Step 6 - Stay away for longer periods of time

Switch to a Kong toy.  Fill it with something the dog likes.  Put the Kong toy into the crate.  Let the puppy go inside on its own.  Close the door.  Walk around the room as before.  Periodically stop by the crate and drop one treat inside the crate.  Then leave the puppy and continue doing things around the room.  Leave the puppy in the crate for 30 seconds.  Gradually as you practice, stay away for longer periods of time - about 10 to 15 minutes.  Always let the puppy out while it is relaxed and happy being in the crate.  Do not push it to the point where it starts to panic.  When you open the door, the puppy can choose to stay in the crate with its Kong.  But if it gets out of the crate then calmly take the Kong away.  Trade the Kong for a treat so your dog learns to give up the toy without any resistance.  If you see any signs of tension, lip curling or growling, then get professional assistance.
Repeat until your dog is happy and relaxed for 10-15 minutes in the crate.

Step 7 - Teach the puppy that you are going to leave the room

As before, give the puppy a stuffed Kong toy.  Instead of walking about the room, walk out of the room.  Only go one step.  Return to the crate and drop in one treat.  Keep leaving the room briefly and returning to the dog for 10 - 15 minutes.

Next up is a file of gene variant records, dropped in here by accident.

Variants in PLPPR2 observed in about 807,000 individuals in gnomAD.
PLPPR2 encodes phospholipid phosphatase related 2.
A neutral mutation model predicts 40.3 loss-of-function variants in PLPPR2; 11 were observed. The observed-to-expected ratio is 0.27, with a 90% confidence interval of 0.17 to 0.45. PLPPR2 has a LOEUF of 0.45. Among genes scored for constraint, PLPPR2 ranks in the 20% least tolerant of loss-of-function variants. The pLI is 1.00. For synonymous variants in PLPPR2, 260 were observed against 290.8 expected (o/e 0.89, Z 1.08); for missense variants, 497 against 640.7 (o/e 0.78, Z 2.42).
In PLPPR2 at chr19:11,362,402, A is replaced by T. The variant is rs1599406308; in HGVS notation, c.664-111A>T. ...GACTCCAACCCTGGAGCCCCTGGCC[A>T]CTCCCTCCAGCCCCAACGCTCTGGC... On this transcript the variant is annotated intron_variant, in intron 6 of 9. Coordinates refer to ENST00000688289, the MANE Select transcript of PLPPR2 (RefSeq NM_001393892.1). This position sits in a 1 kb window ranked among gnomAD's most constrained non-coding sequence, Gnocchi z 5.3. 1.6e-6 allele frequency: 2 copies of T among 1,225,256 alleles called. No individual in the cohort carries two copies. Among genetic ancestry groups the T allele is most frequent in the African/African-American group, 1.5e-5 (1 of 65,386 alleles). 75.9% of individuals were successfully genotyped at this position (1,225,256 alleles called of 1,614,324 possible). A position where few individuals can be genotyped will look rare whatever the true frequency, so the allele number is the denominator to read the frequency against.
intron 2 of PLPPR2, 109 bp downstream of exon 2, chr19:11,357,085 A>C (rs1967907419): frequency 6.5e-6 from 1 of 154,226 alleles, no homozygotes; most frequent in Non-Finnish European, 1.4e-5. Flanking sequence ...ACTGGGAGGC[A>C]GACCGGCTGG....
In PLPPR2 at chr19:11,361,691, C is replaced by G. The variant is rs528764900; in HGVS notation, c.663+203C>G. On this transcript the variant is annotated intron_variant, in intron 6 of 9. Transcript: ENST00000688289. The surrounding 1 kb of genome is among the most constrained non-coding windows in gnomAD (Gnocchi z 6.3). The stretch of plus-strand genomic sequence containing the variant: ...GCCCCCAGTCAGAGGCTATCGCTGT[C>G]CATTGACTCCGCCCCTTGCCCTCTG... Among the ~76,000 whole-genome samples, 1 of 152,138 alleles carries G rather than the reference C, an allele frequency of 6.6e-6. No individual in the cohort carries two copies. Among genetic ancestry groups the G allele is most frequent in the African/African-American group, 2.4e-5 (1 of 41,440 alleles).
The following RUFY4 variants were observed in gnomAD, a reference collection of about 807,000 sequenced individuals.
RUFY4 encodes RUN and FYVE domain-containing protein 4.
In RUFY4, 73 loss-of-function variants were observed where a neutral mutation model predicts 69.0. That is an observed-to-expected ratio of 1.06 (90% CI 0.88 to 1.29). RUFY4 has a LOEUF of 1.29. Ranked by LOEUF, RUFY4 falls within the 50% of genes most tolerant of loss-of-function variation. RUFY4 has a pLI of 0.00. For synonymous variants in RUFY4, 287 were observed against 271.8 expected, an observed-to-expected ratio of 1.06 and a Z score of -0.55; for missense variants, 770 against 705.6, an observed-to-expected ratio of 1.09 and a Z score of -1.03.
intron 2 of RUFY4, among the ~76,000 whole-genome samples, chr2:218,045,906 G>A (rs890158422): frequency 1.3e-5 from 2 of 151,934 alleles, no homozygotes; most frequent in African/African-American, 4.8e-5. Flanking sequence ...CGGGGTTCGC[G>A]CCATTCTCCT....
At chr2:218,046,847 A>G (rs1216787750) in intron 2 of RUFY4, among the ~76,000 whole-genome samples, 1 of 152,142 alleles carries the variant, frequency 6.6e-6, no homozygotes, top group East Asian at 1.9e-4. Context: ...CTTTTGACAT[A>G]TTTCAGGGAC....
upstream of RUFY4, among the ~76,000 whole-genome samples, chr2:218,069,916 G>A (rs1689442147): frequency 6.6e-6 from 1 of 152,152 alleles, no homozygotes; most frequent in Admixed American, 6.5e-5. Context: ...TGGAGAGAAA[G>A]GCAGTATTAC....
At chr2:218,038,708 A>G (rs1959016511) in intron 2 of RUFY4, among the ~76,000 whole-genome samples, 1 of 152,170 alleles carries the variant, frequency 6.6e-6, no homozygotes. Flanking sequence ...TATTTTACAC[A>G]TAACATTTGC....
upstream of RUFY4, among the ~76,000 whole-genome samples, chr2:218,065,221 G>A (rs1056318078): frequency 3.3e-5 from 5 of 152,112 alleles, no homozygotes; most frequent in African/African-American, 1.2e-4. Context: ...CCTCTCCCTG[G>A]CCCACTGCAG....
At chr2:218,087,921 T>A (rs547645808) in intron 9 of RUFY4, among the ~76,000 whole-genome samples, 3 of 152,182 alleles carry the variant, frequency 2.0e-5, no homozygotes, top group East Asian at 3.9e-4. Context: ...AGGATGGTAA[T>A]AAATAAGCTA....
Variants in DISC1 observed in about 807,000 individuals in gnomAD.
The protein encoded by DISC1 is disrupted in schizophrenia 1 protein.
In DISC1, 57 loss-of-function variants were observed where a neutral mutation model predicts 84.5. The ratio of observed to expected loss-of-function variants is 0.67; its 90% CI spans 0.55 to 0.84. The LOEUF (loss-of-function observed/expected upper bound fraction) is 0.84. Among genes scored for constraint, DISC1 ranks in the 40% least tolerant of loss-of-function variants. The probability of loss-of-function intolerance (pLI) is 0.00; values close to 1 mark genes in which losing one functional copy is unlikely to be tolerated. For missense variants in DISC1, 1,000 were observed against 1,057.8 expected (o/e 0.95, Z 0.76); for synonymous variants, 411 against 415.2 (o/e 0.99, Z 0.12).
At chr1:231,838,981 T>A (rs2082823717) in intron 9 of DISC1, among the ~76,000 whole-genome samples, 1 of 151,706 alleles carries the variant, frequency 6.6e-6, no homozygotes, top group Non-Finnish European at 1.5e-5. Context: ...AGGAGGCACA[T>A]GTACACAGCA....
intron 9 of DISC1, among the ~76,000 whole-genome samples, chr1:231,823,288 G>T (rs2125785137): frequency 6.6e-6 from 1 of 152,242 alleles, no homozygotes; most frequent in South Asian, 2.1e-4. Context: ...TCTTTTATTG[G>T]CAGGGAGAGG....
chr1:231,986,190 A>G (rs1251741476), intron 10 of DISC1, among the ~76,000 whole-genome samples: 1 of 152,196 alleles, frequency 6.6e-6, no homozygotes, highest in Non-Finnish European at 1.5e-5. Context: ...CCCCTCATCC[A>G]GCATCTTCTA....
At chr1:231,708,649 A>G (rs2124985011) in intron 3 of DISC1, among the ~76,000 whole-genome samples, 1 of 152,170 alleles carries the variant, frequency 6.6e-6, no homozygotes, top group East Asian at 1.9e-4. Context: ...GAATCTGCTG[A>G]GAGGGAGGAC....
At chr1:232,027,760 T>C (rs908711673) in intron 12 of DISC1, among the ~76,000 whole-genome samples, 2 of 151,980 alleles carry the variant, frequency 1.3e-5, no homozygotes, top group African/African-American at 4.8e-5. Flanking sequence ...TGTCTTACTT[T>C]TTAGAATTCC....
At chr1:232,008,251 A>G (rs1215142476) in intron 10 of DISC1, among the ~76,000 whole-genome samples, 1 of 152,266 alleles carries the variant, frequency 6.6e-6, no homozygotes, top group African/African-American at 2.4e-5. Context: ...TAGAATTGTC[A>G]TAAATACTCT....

Repeat at least 10 times or until the dog is relaxed and happy with the process.

Step 8 - Teach the dog to tolerate being in the crate for longer periods of time

As before, give the puppy a stuffed Kong toy.  For longer absences you will also want to give a safe chew bone such as a Nylabone.  Begin by leaving 5 seconds.  Gradually leave the room for longer and longer periods of time.
Repeat until the dog is relaxed and comfortable with you leaving the room for 15 - 20 minutes.

Step 9 - Teach the dog you may leave the house.

Give the puppy a stuffed Kong and a safe bone.  Put on shoes and other outdoor wear.  Pick up your keys and purse.  Step outside the house and lock the door.  Unlock the door and return to the dog.  Open the crate door and let the dog come out when it is ready.
Repeat until your puppy is comfortable with the sounds of you leaving the house.

Step 10 - Gradually leave for real absences.

As your puppy gets the hang of things, gradually start leaving for short errands.  Build up toward real life absences.  If leaving for several hours, make sure your puppy has had enough exercise.  Tired puppies tend to sleep when left alone in the crate.  You can also put on some soft music to help the dog relax in your absence.  Finally make sure they get adequate bathroom breaks.

Final notes:

  • Periodically give your puppy some positive alone time when you are home.  Otherwise your dog might learn that "you always leave when I go in the crate."  Some puppies start disliking the crate when they learn this.  Choose a time when the dog would naturally nap.
  • Crate training problems are often difficult to distinguish from separation anxiety.  If your puppy displays unusual amounts of anxiety, then contact a professional.
  • All puppies will whine at some point during the process.  When this happens stay quiet and wait for the puppy to calm down.  Do not tell the puppy to "shush" or say, "quiet".  Let the puppy out when it has been quiet for at least 5 - 10 seconds.  Both positive and negative attention can fuel further whining.  Go back 1 -2 steps in the instructions and revisit easier steps.